thanks for this info, I am not an expert gardener and Ii chanced here because once again i googled roots pots ‘little yellow eggs/spheres. I started finding these yellow spheres last year- to cut a long stiry short: these spheres are clustered around roots, I think they are root eating slugs like you suggested. i have a large terrace and never had problems until last year when i actually found enormous slugs in the soil after investigating the death of many of my plants. The different circumstances I can mention in respect to past years where i had never even heard of slugs, were 1. extreme heat in Italy last summer 2. drought 3. many many beetles flying around . The soil I use is purchased in the same conditions as you state above, i am positive the soil comes complete with pests also here in italy. Also I am sure they are root eating slugs, yuk. Anyway could the problem have something to do with beetles? The slugs I discovered were whitish and moved in a continuous circular burrowing motion YUK. I found them again this year as I am preparing to plant new flowers. They were clustered around old roots in a pot i had left outside all winter! I threw the soil away. I really don’t think they are fertilizer balls.

    Reply
    • Callie

      Hi Antonella,

      If you have grubs (not slugs) they are definitely from beetles, this is easily determined because grubs have legs and aren’t slimy, while slugs have no legs and travel on slime.

      And to make sure that no beetles visiting your garden leave eggs behind, you can cover the potting mix surface with weed fabric so they can’t dig and deposit. Slugs, on the other hand, commonly enter the pot from the bottom drainage hole. Raising the pot a couple inches from the ground or patio surface can help keep them out. There’s some other ideas on battling slugs here.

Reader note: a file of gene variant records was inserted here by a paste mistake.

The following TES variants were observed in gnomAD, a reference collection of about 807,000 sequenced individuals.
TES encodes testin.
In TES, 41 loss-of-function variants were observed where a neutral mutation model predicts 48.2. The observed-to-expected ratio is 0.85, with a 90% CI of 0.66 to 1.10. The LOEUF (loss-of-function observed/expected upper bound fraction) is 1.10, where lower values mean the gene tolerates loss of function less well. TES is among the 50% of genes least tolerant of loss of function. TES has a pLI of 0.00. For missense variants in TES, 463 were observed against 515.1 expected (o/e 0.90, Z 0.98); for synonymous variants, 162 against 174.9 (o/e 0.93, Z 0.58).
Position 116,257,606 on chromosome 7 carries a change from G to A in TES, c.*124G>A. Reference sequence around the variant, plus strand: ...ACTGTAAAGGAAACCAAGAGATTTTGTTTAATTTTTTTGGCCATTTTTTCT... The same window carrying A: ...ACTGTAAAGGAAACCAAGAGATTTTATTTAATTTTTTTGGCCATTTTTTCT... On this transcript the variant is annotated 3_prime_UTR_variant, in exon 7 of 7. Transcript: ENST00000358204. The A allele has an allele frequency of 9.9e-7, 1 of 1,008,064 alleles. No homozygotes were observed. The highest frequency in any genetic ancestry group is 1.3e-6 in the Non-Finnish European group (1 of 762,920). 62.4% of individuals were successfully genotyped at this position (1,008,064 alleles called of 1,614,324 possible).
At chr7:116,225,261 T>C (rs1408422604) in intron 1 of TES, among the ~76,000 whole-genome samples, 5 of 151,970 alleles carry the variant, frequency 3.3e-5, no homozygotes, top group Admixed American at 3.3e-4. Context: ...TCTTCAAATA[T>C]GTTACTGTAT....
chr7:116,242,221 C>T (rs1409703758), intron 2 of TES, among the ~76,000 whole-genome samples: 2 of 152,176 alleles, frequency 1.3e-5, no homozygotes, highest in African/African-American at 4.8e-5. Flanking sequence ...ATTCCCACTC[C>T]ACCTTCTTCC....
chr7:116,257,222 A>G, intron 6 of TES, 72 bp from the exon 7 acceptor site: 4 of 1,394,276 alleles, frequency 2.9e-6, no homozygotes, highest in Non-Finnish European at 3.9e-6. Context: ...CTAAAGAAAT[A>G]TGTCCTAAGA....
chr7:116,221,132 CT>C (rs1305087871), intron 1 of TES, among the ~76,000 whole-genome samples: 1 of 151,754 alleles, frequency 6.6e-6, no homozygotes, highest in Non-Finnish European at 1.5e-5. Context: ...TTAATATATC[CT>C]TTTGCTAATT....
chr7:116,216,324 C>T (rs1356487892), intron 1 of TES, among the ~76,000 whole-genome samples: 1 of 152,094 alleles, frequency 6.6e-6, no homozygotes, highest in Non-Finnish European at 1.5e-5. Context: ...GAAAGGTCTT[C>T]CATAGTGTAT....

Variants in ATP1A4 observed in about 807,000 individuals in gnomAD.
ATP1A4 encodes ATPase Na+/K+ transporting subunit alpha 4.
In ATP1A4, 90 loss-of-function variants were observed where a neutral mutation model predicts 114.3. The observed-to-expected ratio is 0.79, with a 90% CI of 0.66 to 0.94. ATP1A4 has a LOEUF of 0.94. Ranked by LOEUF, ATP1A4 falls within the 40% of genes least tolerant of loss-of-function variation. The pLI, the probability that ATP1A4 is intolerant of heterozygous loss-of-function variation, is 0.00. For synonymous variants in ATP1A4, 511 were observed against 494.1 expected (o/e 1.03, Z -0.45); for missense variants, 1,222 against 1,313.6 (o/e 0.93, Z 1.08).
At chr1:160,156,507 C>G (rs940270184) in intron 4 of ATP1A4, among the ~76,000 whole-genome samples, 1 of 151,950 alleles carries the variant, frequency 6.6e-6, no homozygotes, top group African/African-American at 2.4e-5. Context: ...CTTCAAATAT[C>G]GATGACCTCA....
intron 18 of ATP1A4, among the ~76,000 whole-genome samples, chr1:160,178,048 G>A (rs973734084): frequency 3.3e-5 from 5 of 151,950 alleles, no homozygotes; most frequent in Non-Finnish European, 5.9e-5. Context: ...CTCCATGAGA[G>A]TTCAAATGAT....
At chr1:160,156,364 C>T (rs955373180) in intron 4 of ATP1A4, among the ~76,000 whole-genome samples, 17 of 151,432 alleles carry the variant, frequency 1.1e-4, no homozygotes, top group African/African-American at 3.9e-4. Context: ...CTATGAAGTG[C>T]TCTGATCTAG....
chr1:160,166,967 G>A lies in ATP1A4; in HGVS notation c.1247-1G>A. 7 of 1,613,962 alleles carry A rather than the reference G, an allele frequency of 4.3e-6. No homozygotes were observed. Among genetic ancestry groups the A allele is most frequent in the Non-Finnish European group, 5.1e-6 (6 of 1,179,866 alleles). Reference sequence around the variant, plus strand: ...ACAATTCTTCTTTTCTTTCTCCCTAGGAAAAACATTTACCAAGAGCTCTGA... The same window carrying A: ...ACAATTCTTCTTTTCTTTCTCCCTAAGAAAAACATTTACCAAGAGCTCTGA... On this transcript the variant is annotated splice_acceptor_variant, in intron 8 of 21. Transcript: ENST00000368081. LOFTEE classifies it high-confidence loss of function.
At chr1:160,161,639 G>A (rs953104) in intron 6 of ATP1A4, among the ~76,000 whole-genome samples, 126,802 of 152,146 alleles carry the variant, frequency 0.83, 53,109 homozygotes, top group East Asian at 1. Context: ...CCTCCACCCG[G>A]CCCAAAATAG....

But as you say, it’s also possible they came in the potting mix. Natural is not the easiest thing to control!

      Reply
      • anTonella

        thanks callie, yes in fact i meant grubs not slugs- i have no idea if the blighters have legs, they move in a fast circular burrowing movement and I threw everything out screaming all the while. I know gardening isn’t what I do because I am squeamish and thats not what gardening’s about, really- but I love flowers and birds and I do try. Anyway, thanks for the tips

        Reply
  15. Deb

    I have had Miracle Grow potting soul infested with fungus gnat larvae. When I opened the bag, there where even adults flying around in there! I also had a bag with a bunch of mushrooms growing. Needless to say, I don’t buy that brand anymore! But the fungus gnat problem prompted me to search online. One method I explored was to microwave the bag of soil before using! It will kill anything alive in there. Worked great! Sorry I forget the directions, but you can look it up!

    Reply
  16. billiejo r lear

    I landed on your site doing research on fungus gnats. We have a huge break out. We purchased miracle grow. While I do not dispute that gnats came from miracle grow, I have had MANY well educated people on this subject inform me that due to taking your advice, I was removing the balls put in soil for fertilization. YOU really need to look at what gnat eggs look like. THIS is not it. You are telling people to remove the very stuff that keeps their plants healthy. I would have expected different from someone speaking for a magazine called Garden Culture. 🙁 sad to see this.

    Reply
  17. Anonymous